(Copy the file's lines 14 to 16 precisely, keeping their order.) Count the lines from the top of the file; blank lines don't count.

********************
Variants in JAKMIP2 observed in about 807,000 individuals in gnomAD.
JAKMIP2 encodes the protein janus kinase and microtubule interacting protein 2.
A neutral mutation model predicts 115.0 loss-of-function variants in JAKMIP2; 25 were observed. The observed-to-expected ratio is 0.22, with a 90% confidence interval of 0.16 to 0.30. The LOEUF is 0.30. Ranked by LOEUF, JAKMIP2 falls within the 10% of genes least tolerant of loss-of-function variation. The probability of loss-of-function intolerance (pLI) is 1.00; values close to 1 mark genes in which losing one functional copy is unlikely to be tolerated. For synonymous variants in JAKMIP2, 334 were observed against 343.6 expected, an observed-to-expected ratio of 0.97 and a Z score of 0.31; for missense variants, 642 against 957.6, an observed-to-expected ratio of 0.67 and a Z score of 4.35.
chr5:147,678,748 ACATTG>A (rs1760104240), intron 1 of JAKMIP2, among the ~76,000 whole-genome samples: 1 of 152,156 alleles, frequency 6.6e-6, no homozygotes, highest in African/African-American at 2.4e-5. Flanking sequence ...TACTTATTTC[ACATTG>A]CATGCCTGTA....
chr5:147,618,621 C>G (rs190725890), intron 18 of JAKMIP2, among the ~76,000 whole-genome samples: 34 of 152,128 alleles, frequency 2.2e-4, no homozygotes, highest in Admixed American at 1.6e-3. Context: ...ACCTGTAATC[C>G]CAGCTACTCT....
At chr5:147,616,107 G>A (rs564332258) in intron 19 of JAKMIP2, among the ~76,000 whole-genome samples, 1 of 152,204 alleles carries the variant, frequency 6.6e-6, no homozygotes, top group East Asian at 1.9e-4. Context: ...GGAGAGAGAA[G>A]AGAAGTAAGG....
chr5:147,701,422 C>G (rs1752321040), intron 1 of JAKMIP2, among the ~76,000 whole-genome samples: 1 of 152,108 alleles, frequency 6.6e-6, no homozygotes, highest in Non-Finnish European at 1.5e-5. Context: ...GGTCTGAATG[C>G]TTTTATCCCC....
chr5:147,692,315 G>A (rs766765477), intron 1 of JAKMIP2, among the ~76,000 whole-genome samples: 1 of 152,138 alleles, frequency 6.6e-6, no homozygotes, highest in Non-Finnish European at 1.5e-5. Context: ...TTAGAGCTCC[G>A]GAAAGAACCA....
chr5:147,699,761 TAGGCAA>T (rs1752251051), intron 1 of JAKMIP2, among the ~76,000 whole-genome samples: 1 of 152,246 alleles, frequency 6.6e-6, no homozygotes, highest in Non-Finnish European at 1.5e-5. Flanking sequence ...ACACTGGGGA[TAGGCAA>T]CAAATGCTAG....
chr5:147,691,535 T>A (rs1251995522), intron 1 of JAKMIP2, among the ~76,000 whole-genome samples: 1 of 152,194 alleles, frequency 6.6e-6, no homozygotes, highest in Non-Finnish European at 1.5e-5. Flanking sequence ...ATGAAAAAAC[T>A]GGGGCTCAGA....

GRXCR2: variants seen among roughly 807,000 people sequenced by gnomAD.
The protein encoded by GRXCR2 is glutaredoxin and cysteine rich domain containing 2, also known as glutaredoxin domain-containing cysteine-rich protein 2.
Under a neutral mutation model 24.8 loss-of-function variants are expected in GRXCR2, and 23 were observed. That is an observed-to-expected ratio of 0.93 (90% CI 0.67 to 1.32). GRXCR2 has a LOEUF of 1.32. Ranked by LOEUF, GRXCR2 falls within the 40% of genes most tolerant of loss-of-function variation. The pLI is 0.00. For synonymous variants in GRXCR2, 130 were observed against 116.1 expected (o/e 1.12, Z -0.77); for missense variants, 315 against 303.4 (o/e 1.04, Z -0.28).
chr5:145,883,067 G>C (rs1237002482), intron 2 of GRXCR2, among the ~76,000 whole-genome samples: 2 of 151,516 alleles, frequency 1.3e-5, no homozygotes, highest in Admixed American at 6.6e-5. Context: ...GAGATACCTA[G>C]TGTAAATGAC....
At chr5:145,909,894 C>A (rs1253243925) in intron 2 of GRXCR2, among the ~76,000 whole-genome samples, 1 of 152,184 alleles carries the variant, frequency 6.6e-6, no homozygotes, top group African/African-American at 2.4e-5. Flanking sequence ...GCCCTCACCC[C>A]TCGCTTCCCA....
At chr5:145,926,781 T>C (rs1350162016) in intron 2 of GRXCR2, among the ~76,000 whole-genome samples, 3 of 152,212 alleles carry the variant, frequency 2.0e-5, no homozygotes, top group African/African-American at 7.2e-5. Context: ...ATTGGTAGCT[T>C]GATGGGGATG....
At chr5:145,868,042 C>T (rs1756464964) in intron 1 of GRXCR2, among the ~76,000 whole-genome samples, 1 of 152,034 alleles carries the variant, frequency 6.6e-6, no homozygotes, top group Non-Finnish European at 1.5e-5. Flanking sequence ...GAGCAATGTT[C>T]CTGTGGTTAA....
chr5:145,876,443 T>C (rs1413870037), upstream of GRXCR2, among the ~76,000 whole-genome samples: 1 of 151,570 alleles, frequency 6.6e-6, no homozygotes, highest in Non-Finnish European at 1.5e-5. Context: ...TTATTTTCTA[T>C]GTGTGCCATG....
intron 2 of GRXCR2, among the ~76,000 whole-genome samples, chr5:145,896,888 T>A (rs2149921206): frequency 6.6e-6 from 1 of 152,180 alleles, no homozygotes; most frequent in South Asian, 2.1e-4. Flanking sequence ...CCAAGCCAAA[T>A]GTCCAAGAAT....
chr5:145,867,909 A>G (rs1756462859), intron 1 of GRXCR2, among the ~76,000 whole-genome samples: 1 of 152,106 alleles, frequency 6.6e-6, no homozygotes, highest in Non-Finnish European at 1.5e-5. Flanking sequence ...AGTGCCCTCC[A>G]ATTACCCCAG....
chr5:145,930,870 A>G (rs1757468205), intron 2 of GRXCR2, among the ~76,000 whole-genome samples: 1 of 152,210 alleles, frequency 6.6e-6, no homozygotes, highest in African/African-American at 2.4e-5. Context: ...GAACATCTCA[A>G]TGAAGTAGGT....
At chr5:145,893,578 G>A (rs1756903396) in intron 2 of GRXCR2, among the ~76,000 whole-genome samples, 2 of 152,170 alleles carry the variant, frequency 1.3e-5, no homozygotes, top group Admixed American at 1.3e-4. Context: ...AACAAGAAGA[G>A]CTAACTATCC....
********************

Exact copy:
chr5:145,883,067 G>C (rs1237002482), intron 2 of GRXCR2, among the ~76,000 whole-genome samples: 2 of 151,516 alleles, frequency 1.3e-5, no homozygotes, highest in Admixed American at 6.6e-5. Context: ...GAGATACCTA[G>C]TGTAAATGAC....
At chr5:145,909,894 C>A (rs1253243925) in intron 2 of GRXCR2, among the ~76,000 whole-genome samples, 1 of 152,184 alleles carries the variant, frequency 6.6e-6, no homozygotes, top group African/African-American at 2.4e-5. Flanking sequence ...GCCCTCACCC[C>A]TCGCTTCCCA....
At chr5:145,926,781 T>C (rs1350162016) in intron 2 of GRXCR2, among the ~76,000 whole-genome samples, 3 of 152,212 alleles carry the variant, frequency 2.0e-5, no homozygotes, top group African/African-American at 7.2e-5. Context: ...ATTGGTAGCT[T>C]GATGGGGATG....